For most stuff in the manufacturing environment, it doesn’t matter if it happens in one millisecond or 100 milliseconds, so it isn’t often necessary to deal with compiled, client-installed code that is dependent on complex IDEs. Plus technology keeps closing this performance gap to the point where it simply isn’t an issue any more.

    Therefore, the simplicity and the ability to use one language, whether I’m writing my frontend in the browser, or talking to the device that’s controlling the IO, makes my workflow easier, and it’s easier to maintain. Plus, I get to grow my skills quickly, because I’m concentrating on one thing.

    A combination of laziness and necessity is the “mother of invention” here; as I become responsible for more of these machines, I want them to be easier to work on. I want to be able to open up a modern web browser and do what I need to do.

    Kelsey: What would make it easier to develop these sorts of automations for the industrial sphere?

    Josh: An industrial hardened version of the Tessel, similar to what they are doing with Arduino at controllino.cc, would be absolutely awesome. The event-driven nature of Node.JS just makes a ton of sense for controls-based stuff, and being able to use the same language for the entire stack makes things simple and easy to upgrade and maintain.

    Everything in the industrial environment gets mounted into a cabinet on a DIN rail, so a case that’s mountable would be one thing. And then of course things like electrostatic discharge protection. It would also need to be coupled with a relatively robust power supply.

    A lot of things in the industrial world depends on 24V logic or 12V logic. I’ve been able to get around that with Tessel by using some digital relays that will take the 3.3V output that Tessel provides, and then I have a 24V secondary power supply. I’m opening and closing the relay with the Tessel and that’s my 24V logic.

    Kelsey: What are some projects you’re working on right now?

    Josh: I’m working on a project right now, where I have an HTML5-based web application, using websockets for talking to a machine that I’m controlling– making ramps go up and down. I’m also using UART (along with a SparkFun RS232 Shifter), reading the serial port, in order to get the information back from a digital level, and then I’ve got some proximity switches I’m reading and doing different stuff on.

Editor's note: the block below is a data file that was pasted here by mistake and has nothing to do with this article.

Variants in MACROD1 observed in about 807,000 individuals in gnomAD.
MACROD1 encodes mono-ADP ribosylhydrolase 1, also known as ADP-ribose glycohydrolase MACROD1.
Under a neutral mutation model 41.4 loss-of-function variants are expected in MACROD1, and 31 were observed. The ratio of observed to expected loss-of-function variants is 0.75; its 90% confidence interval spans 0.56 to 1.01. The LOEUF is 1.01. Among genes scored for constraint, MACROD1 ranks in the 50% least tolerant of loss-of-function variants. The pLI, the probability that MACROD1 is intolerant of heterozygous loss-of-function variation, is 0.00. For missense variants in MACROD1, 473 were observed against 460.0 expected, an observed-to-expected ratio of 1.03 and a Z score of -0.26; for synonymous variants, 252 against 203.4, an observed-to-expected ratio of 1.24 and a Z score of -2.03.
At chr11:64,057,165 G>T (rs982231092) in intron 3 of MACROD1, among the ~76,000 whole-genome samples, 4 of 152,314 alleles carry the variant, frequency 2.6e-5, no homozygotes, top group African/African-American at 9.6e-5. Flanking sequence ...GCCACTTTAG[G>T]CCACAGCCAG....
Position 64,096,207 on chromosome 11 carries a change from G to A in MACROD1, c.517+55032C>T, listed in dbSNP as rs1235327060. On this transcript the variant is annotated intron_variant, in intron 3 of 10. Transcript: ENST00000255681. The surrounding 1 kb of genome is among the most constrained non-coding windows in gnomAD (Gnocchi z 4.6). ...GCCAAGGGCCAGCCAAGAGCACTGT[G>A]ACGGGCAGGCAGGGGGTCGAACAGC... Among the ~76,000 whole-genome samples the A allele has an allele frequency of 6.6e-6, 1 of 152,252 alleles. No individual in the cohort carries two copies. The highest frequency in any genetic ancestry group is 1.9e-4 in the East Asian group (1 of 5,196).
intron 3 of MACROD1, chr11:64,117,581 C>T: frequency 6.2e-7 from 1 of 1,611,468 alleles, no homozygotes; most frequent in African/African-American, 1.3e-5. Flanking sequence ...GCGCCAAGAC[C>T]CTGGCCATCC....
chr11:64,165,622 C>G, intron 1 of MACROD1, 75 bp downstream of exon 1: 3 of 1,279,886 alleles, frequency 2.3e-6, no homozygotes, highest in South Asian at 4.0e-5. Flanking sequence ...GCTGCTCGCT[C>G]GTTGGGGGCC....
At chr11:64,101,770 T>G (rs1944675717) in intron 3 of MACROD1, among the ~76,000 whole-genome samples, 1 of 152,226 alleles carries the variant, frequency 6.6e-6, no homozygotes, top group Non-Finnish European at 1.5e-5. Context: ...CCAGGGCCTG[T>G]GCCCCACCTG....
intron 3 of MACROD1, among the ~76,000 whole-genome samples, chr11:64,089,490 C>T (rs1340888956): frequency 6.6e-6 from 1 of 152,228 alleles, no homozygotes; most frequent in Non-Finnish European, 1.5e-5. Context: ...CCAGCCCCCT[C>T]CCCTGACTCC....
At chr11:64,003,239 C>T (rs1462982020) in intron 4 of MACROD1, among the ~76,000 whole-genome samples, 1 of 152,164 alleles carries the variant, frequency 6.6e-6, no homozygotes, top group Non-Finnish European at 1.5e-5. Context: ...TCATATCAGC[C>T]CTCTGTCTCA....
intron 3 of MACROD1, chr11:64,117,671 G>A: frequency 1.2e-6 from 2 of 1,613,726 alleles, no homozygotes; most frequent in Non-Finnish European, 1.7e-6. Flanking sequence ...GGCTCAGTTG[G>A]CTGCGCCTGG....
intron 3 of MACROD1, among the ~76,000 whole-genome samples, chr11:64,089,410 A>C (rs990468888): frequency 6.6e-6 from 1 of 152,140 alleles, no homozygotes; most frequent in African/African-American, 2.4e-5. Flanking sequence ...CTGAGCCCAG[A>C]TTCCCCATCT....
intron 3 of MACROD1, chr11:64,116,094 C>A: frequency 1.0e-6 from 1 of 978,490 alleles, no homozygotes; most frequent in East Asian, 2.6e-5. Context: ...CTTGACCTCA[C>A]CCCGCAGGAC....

I’ve got another project I’m working on, helping one of our other engineers prototype something for a new process – rotating a part and dipping it down in a masking material, so I’ve got to control a pneumatic raising and lowering device, and talking to a DC motor to rotate the part.

    But now that I’ve got a little bit of experience with it, something like that takes just a few hours.

    Kelsey: What do you see as the future of industrial automation?

    Josh: I would hope that more and more of it will be moving to the web browser. The whole platform-independent aspect of the web is what’s so desirable. It doesn’t matter whether I bring my Macbook Air in, or my iPad, or my PC, I can pop open a webpage in a modern browser, and do whatever I want to do.

    Creating web interfaces makes it easier to go back and update one codebase. Devices change over time, and the web progresses. On the web, you just update your codebase accordingly, and you still have it available on a larger number of devices.

    I hope that the manufacturing industries get with the times and start taking advantage of these open platforms.

    #kelsey breseman #interview #josh dudley #io2work #industrial #industrial automation #tessel #technical machine